Navigation Links
Study Questions Use of MRI Before Back-Pain Injections
Date:12/12/2011

By Kathleen Doheny
HealthDay Reporter

MONDAY, Dec. 12 (HealthDay News) -- Patients who need steroid injections to ease lower back pain frequently undergo an MRI beforehand. But a new study finds that the expensive imaging tests have little or no clinical value for these patients.

Researchers at Johns Hopkins University School of Medicine found that the MRI does not typically improve results for patients who are candidates for the injection, and it has only a minor effect on doctors' decision-making.

"More is not necessarily better," said study researcher Dr. Steven P. Cohen, an associate professor of anesthesiology and critical care medicine at Hopkins.

The study is published online Dec. 12 in the Archives of Internal Medicine.

Lower back pain is one of the top three reasons people seek medical attention in the United States, and epidural steroid injections are the most common treatment at U.S. pain clinics. The injections deliver cortisone directly into the spinal canal to ease inflammation and pain.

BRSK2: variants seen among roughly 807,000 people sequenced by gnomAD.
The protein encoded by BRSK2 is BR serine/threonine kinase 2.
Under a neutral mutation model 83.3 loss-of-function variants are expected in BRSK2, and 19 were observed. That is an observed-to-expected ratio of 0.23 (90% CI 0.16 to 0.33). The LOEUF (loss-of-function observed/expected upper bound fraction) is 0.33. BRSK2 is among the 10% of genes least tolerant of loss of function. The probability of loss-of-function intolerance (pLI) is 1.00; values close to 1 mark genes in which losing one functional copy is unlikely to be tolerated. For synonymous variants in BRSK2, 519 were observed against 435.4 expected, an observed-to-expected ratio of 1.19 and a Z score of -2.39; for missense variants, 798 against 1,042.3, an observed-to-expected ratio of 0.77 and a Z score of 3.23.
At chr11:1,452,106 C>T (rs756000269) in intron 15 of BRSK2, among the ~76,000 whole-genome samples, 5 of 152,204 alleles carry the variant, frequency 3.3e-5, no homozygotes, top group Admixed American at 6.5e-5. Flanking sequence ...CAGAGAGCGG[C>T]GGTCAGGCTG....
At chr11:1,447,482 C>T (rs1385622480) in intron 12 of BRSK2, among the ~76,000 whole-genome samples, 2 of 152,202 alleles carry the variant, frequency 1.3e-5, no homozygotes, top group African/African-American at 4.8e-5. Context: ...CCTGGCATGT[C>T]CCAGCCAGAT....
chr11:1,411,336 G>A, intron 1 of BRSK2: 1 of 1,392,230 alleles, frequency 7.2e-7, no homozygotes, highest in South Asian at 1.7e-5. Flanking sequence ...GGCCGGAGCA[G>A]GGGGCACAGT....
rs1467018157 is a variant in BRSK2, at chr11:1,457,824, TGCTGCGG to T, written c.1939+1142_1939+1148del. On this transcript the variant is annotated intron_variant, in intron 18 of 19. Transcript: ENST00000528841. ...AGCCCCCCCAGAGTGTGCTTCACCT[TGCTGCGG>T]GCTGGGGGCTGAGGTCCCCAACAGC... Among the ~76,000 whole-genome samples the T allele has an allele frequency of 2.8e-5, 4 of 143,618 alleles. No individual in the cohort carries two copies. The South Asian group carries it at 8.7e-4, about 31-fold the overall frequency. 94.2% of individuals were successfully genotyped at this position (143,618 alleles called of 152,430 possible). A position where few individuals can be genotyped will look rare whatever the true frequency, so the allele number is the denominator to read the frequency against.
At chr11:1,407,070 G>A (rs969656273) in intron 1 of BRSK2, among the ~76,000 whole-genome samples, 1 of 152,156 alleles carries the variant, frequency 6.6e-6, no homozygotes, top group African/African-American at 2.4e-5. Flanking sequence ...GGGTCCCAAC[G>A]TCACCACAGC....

Indiscriminate use of MRIs, which cost about $1,500 each, prior to injection greatly adds to soaring health costs associated with back pain, the authors say.

The American College of Physicians recommends MRIs for injection candidates only when underlying conditions, such as fractures or tumors, are suspected. The American College of Occupational and Environmental Medicine recommends the imaging only when certain persistent neurologic symptoms fail to improve, according to background information in the study.